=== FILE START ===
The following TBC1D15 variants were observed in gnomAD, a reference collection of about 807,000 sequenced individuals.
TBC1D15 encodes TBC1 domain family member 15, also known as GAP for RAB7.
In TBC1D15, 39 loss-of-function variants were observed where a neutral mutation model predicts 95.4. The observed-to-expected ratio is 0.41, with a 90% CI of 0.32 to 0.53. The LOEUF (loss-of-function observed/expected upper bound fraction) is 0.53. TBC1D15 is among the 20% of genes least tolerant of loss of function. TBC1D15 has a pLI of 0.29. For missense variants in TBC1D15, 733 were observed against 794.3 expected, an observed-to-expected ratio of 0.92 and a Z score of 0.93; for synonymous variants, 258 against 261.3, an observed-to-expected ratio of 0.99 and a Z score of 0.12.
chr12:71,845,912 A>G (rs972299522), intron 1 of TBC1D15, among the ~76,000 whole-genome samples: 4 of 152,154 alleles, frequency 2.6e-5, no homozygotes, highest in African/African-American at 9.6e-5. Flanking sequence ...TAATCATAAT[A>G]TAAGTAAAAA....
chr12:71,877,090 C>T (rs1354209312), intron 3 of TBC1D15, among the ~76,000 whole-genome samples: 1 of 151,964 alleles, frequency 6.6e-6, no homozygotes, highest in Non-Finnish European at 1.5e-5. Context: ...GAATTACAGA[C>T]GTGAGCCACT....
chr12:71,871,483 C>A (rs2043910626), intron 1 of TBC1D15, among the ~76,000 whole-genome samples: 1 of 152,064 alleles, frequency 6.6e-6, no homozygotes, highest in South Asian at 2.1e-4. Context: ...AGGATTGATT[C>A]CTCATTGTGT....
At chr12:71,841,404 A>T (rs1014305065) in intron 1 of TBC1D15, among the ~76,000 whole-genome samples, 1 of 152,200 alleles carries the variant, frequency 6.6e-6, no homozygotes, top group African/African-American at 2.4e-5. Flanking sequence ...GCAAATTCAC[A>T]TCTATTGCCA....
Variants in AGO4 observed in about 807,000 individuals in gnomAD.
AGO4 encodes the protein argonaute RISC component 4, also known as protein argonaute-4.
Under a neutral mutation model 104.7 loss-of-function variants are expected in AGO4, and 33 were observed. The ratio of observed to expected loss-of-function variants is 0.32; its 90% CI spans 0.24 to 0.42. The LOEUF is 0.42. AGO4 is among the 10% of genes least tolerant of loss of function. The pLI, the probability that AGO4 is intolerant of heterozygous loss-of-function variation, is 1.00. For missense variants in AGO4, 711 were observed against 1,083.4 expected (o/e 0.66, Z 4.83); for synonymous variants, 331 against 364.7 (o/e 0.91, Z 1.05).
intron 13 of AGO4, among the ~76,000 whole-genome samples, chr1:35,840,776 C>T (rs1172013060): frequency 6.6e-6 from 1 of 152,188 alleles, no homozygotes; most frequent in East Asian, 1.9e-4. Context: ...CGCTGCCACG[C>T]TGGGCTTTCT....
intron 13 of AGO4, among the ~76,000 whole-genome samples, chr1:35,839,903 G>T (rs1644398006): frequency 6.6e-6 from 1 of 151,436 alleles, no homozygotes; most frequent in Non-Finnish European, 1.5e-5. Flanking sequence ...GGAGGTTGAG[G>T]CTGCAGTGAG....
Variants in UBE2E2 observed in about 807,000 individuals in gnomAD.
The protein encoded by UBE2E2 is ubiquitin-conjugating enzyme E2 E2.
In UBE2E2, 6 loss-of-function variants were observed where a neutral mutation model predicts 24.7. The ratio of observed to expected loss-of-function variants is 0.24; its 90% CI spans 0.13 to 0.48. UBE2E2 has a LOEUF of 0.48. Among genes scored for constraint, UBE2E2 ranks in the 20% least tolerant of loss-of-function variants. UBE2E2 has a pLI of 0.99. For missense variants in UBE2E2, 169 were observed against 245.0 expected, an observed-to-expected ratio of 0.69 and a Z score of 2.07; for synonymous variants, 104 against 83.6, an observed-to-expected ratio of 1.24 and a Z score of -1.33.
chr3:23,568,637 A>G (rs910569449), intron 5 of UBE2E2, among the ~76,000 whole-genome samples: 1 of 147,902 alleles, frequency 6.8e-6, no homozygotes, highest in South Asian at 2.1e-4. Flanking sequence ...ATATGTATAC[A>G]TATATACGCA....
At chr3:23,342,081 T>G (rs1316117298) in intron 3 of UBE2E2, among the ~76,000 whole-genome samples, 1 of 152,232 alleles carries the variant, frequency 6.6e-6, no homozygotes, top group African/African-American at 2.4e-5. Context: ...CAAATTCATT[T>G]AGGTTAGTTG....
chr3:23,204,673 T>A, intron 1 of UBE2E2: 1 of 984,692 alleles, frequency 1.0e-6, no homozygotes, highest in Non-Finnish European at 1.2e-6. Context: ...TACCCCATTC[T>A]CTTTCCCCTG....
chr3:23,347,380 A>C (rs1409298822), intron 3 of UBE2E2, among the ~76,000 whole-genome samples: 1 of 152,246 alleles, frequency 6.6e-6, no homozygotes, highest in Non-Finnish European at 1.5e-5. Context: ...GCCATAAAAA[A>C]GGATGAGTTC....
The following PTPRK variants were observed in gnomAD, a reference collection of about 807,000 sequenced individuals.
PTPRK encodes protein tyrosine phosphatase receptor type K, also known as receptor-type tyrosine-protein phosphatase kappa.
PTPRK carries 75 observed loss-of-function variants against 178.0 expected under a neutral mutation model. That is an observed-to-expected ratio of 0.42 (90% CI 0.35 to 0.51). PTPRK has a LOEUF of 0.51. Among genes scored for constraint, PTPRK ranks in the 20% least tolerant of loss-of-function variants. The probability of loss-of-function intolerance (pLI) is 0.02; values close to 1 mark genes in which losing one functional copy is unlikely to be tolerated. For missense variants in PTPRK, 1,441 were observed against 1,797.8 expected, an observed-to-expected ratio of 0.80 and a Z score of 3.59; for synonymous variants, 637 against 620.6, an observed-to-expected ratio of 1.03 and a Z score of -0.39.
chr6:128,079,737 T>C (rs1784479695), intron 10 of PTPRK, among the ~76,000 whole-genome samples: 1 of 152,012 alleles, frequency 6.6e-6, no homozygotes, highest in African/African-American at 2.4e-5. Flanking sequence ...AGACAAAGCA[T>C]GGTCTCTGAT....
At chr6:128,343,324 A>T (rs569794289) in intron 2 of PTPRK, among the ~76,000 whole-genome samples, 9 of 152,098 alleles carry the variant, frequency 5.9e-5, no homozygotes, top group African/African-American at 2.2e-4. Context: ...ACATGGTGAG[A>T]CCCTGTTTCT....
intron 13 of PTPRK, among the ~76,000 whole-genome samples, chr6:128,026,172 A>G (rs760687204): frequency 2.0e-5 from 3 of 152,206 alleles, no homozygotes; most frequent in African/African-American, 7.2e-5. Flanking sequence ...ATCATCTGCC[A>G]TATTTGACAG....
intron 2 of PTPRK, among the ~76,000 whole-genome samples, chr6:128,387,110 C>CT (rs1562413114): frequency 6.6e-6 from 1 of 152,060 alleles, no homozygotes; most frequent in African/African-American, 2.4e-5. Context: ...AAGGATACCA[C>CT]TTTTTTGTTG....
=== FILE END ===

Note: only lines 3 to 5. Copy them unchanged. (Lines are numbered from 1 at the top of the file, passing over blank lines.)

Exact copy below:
In TBC1D15, 39 loss-of-function variants were observed where a neutral mutation model predicts 95.4. The observed-to-expected ratio is 0.41, with a 90% CI of 0.32 to 0.53. The LOEUF (loss-of-function observed/expected upper bound fraction) is 0.53. TBC1D15 is among the 20% of genes least tolerant of loss of function. TBC1D15 has a pLI of 0.29. For missense variants in TBC1D15, 733 were observed against 794.3 expected, an observed-to-expected ratio of 0.92 and a Z score of 0.93; for synonymous variants, 258 against 261.3, an observed-to-expected ratio of 0.99 and a Z score of 0.12.
chr12:71,845,912 A>G (rs972299522), intron 1 of TBC1D15, among the ~76,000 whole-genome samples: 4 of 152,154 alleles, frequency 2.6e-5, no homozygotes, highest in African/African-American at 9.6e-5. Flanking sequence ...TAATCATAAT[A>G]TAAGTAAAAA....
chr12:71,877,090 C>T (rs1354209312), intron 3 of TBC1D15, among the ~76,000 whole-genome samples: 1 of 151,964 alleles, frequency 6.6e-6, no homozygotes, highest in Non-Finnish European at 1.5e-5. Context: ...GAATTACAGA[C>T]GTGAGCCACT....